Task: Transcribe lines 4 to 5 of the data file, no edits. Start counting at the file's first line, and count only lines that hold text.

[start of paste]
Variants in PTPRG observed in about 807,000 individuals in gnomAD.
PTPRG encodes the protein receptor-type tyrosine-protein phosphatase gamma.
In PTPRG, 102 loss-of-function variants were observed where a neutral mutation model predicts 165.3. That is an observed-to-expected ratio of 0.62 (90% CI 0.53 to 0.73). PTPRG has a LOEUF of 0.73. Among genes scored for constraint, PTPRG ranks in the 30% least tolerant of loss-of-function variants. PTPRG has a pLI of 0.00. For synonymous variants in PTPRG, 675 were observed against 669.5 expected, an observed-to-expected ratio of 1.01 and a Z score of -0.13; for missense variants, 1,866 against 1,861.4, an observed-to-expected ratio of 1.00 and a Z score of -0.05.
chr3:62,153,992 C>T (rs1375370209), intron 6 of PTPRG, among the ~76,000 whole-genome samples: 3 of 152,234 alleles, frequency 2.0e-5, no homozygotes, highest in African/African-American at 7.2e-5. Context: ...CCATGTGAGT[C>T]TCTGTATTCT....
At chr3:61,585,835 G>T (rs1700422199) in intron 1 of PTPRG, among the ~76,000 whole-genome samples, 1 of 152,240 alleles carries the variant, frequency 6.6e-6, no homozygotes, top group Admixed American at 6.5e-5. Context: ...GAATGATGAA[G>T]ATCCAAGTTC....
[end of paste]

chr3:62,153,992 C>T (rs1375370209), intron 6 of PTPRG, among the ~76,000 whole-genome samples: 3 of 152,234 alleles, frequency 2.0e-5, no homozygotes, highest in African/African-American at 7.2e-5. Context: ...CCATGTGAGT[C>T]TCTGTATTCT....
At chr3:61,585,835 G>T (rs1700422199) in intron 1 of PTPRG, among the ~76,000 whole-genome samples, 1 of 152,240 alleles carries the variant, frequency 6.6e-6, no homozygotes, top group Admixed American at 6.5e-5. Context: ...GAATGATGAA[G>T]ATCCAAGTTC....